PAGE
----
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Author: Bruce Thompson

the street paintings of Ernst Ludwig Kirchner, the most famous of which, Der Potsdamer Platz (1914) is set in the milieu of the Wertheim store. Simmel’s famous essays “The Metropolis and Mental Life” and “The Stranger” provide the interpretive keys to Kirchner’s representation of a street life that

Author: Matthew Baigell

entertaining ghetto scenes, as in the paintings of Jerome Myers and George Luks rather than those showing this particular underside of immigrant life. As a result, sweatshop scenes were left to journalist photogra- phers such as Jacob Riis and left-wing artists such as William Gropper whose works evolved from

Author: Natalia Berger

the subjects of persecutions and anti-Semitism. These subjects were given attention for the first time at the Bezalel Museum in Jerusalem. This Conclusion550 museum was founded on Zionist ethos, and its display was therefore based on the Zionist view of life in the Diaspora, a view which was

In: The Jewish Museum
Author: Eugeny Kotlyar

centuries of living the Russian Jewish way of life and held on the eve of the dramatic transformation of the country into a new society—the future Soviet Union. The book’s pictures clearly bore out its didactic approach and introduced the reader to the Jewish artistic tradition, which had by that time taken


in the United States, Remember and Save archivists (who call themselves activists) are volunteer workers, including the Executive Director. A feeling of urgency motivates these activist-archivists, reflected in the remarks posted on the website of Remember and Save: “Time is running out. Many


portraits play a role in the construction of the collective memory of a Hasidic master and promote speci fi c modes of visu- alization. Finally, the social life of pictures—their production, distribution, collection, and the long shadow they cast over future representation—o ff ers insight into the various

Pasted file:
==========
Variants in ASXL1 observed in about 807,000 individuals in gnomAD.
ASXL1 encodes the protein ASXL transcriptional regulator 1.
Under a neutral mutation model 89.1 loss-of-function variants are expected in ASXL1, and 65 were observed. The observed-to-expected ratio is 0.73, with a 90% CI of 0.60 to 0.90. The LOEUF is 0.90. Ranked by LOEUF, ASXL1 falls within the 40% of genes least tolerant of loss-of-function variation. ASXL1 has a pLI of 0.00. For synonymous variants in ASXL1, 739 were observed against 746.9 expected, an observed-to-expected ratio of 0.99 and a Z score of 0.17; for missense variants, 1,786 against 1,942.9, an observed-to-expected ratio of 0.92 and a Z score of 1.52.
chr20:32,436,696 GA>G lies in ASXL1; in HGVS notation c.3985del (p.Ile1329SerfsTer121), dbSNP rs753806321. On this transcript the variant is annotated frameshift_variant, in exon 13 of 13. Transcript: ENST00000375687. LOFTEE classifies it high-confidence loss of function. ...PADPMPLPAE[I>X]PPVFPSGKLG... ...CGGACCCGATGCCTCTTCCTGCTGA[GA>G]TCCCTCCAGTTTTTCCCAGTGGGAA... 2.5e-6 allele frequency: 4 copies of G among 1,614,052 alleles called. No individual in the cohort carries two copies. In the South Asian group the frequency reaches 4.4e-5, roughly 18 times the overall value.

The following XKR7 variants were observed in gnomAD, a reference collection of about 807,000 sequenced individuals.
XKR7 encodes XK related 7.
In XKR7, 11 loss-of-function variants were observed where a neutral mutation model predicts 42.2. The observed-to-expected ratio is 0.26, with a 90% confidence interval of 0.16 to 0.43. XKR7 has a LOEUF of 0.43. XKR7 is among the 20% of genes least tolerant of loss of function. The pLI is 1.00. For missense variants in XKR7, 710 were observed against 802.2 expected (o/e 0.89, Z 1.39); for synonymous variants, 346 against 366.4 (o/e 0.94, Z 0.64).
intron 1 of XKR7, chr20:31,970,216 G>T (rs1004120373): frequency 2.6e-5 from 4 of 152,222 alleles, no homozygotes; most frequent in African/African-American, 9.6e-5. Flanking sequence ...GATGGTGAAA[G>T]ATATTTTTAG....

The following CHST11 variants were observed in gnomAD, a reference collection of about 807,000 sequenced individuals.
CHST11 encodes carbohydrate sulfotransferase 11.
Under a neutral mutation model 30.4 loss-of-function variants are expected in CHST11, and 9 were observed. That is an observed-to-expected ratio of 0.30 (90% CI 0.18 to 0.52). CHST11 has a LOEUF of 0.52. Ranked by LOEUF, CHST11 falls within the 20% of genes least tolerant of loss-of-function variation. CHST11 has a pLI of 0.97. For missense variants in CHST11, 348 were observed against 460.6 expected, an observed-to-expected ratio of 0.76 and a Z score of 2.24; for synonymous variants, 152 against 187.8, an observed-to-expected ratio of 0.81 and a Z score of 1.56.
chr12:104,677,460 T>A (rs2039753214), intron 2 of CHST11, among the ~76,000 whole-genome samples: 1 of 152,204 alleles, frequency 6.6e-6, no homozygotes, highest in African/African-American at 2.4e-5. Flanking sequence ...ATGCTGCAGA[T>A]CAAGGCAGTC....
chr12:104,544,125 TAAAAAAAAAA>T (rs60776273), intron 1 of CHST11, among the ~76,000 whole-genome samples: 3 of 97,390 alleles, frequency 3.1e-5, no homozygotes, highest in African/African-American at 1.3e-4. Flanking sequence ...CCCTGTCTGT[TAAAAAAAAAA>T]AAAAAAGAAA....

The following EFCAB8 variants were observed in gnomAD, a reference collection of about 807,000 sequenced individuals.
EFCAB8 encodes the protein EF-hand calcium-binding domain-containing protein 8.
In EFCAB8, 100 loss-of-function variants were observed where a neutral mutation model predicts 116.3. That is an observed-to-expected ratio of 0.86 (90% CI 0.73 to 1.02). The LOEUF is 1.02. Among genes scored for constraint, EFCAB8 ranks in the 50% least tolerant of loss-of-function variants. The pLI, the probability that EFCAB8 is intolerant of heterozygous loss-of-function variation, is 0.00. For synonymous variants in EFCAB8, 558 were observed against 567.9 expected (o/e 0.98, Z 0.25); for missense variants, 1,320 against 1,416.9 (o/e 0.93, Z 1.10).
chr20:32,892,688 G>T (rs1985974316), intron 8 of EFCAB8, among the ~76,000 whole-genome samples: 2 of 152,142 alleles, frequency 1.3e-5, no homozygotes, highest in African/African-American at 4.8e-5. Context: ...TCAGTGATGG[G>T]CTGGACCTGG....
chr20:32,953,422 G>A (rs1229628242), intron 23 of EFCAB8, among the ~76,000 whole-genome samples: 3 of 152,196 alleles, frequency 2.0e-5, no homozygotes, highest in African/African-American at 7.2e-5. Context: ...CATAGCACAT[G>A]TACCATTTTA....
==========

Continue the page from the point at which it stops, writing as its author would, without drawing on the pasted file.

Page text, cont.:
not rounded up and sent off to concentration camps, they were killed in their own living quarters turned into a living hell. After the liberation of the Ghetto, the corpses were not transported to any of the cemeteries on the outskirts of the city, but, uniquely, were put to rest in a mass grave in


with the professional art establishment or not. They argued that Israeli art served a special function within American life and that American Jews had a unique mission to fulfi ll as champions of Israeli art. American Jewish Impresarios of Israeli Art As organizers and observers of the fi rst

Author: Jonathan Bordo

). Finally, W.G. Sebald has made ruins and the quest for redemption in ruins, the topic of his literary life work. His last work is a genealogy of the ruins of German cities. Toward the end of that work, Sebald cautions his (German) readers with the following reminder: The majority of Germans today know, or


, especially the crucial importance of companionship in a creative life. “I live one life which is filled with others’ lives,” he admits toward the end. “I feel the feelings of other people . . . I feel their joy and even more so their sadness.” Then, as if to underscore precisely the effect he seeks